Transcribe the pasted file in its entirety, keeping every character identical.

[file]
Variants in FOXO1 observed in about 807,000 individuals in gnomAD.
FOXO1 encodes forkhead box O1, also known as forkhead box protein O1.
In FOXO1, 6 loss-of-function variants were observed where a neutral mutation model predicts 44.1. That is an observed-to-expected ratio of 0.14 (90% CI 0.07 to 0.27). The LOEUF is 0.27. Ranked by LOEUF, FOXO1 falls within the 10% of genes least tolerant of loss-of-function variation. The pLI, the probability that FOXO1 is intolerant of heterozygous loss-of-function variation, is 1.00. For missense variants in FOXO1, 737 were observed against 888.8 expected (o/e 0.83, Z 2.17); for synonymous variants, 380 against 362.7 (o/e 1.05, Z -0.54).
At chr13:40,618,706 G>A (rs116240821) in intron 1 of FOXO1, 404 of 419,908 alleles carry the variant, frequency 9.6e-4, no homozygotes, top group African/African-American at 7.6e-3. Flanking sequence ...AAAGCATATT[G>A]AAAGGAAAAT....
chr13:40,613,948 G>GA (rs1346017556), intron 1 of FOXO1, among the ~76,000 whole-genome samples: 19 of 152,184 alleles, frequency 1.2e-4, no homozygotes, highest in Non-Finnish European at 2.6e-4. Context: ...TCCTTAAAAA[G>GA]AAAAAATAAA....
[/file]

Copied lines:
Variants in FOXO1 observed in about 807,000 individuals in gnomAD.
FOXO1 encodes forkhead box O1, also known as forkhead box protein O1.
In FOXO1, 6 loss-of-function variants were observed where a neutral mutation model predicts 44.1. That is an observed-to-expected ratio of 0.14 (90% CI 0.07 to 0.27). The LOEUF is 0.27. Ranked by LOEUF, FOXO1 falls within the 10% of genes least tolerant of loss-of-function variation. The pLI, the probability that FOXO1 is intolerant of heterozygous loss-of-function variation, is 1.00. For missense variants in FOXO1, 737 were observed against 888.8 expected (o/e 0.83, Z 2.17); for synonymous variants, 380 against 362.7 (o/e 1.05, Z -0.54).
At chr13:40,618,706 G>A (rs116240821) in intron 1 of FOXO1, 404 of 419,908 alleles carry the variant, frequency 9.6e-4, no homozygotes, top group African/African-American at 7.6e-3. Flanking sequence ...AAAGCATATT[G>A]AAAGGAAAAT....
chr13:40,613,948 G>GA (rs1346017556), intron 1 of FOXO1, among the ~76,000 whole-genome samples: 19 of 152,184 alleles, frequency 1.2e-4, no homozygotes, highest in Non-Finnish European at 2.6e-4. Context: ...TCCTTAAAAA[G>GA]AAAAAATAAA....